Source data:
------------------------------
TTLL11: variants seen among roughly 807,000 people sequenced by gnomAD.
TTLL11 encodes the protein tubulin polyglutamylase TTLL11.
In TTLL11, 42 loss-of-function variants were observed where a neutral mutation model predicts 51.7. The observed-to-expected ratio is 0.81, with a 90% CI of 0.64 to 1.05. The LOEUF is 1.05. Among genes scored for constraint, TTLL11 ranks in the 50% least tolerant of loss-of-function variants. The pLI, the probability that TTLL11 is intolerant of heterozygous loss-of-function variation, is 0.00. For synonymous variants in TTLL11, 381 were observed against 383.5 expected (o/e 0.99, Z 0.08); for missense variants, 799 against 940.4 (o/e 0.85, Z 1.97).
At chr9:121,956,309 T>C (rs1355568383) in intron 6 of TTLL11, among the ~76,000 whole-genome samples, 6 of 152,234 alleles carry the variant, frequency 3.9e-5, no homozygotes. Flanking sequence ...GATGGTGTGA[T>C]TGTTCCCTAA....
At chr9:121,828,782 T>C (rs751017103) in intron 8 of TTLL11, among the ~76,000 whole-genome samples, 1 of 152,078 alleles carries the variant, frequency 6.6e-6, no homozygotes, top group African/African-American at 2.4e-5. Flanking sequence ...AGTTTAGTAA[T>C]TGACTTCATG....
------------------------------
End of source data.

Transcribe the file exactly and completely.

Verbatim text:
TTLL11: variants seen among roughly 807,000 people sequenced by gnomAD.
TTLL11 encodes the protein tubulin polyglutamylase TTLL11.
In TTLL11, 42 loss-of-function variants were observed where a neutral mutation model predicts 51.7. The observed-to-expected ratio is 0.81, with a 90% CI of 0.64 to 1.05. The LOEUF is 1.05. Among genes scored for constraint, TTLL11 ranks in the 50% least tolerant of loss-of-function variants. The pLI, the probability that TTLL11 is intolerant of heterozygous loss-of-function variation, is 0.00. For synonymous variants in TTLL11, 381 were observed against 383.5 expected (o/e 0.99, Z 0.08); for missense variants, 799 against 940.4 (o/e 0.85, Z 1.97).
At chr9:121,956,309 T>C (rs1355568383) in intron 6 of TTLL11, among the ~76,000 whole-genome samples, 6 of 152,234 alleles carry the variant, frequency 3.9e-5, no homozygotes. Flanking sequence ...GATGGTGTGA[T>C]TGTTCCCTAA....
At chr9:121,828,782 T>C (rs751017103) in intron 8 of TTLL11, among the ~76,000 whole-genome samples, 1 of 152,078 alleles carries the variant, frequency 6.6e-6, no homozygotes, top group African/African-American at 2.4e-5. Flanking sequence ...AGTTTAGTAA[T>C]TGACTTCATG....